top of page

Ring- a- ding! It’s nearly Spring

But, before we relate the story of Glasgow’s famous bell, -one of St Mungo’s 4 attributed symbols on its coat of arms- here are next week’s suggested FREE walks. We beat the weather this week, but please always check into Walking Glasgow Facebook page for updates.



Sat 25th-Clyde Bridges and buildings walk, out to Glasgow Green & Peoples Palace

Mon 27th- The Buchanan Fifty. Architectural gems of buildings, arcades, subway tearooms, Victorian toilets & even a lighthouse!

Tues 28th-Tobacco Lords/ Merchant city- learn about Glasgow’s involvement & more.

Tues 28th- Afternoon hour, Glw's forgotten village of Grahamston Thurs 2nd- Medieval /Victorian Glasgow. Trongate, High St, Cathedral to Necropolis.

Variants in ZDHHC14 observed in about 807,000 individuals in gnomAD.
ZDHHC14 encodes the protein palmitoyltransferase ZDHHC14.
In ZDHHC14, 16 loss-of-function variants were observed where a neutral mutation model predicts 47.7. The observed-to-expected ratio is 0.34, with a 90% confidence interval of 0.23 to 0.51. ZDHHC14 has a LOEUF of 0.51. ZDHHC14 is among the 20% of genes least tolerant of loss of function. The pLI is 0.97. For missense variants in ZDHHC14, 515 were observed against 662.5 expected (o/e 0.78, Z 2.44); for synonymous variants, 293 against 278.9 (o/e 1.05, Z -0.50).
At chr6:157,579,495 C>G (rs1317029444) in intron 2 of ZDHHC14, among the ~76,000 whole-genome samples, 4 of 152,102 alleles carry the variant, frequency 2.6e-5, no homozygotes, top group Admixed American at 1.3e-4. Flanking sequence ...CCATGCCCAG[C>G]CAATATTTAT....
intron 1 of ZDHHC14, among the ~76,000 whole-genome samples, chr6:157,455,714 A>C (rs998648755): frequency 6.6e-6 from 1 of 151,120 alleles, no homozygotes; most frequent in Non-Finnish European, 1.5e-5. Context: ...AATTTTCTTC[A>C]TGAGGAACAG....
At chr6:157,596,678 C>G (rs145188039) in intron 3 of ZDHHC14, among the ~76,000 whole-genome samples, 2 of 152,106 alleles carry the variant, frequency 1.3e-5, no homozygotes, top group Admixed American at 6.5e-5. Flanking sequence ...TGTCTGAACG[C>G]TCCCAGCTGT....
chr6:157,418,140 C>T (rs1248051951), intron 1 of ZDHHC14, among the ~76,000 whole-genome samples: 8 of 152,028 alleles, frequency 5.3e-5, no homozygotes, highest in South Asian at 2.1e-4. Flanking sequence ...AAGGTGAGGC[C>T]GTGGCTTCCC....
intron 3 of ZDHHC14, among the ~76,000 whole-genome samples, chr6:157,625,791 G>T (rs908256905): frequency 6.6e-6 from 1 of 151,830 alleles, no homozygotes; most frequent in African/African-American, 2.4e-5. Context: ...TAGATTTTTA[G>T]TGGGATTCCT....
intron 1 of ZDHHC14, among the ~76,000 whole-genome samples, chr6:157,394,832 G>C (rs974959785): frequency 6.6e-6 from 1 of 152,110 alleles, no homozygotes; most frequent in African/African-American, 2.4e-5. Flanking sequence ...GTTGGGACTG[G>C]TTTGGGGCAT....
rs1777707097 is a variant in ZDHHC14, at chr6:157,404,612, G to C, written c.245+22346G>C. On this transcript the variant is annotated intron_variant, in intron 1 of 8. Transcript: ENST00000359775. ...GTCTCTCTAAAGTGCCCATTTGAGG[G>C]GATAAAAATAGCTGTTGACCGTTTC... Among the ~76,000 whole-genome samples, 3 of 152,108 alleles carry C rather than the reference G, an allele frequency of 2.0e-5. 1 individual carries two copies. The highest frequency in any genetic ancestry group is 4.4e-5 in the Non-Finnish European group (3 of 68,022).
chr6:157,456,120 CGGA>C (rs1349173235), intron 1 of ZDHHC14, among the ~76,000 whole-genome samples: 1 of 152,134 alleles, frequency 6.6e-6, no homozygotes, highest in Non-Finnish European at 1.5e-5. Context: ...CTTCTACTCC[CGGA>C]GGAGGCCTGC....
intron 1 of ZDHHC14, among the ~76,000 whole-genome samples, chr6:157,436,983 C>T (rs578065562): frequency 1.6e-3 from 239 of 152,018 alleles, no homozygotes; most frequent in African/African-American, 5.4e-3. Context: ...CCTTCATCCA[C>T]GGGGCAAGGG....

Sun 5th= Clyde Bridges, as above. 11am-1pm.


As before, please advise if wishing to join any/all walks and though definitely FREE, any small contribution to the RNLI, would be gratefully passed on. I am fundraising again this year for them.

Meet points are;

Sat- Bells Bridge, north side of Clyde at SECC /Hydro. 10am-12.

Mon-Buchanan St, outside Concert Hall, Dewar statue side. 12-1.30pm

Tues- Outside Bank of Scot, St Enoch Square,11-1pm(T/L) & 2.30-3.30 for Grahamston.

Thurs- As above. 10-12 for medieval walk.

Sun-Bells Bridge, north side of Clyde at SECC /Hydro. 11am-1pm


Finally, the bell that never rang, is one story less explicitly linked to St Mungo. It is thought that the bell in question may have been given to the saint by the Pope. By the 15th century, the hand bell had become synonymous with the city of Glasgow. Following this legend, in 1450, John Stewart, known as the first provost of Glasgow, left a bell ring out for his soul. The replacement bell, purchased in 1641, remains on display in the city. our new website

Upcoming tours

    bottom of page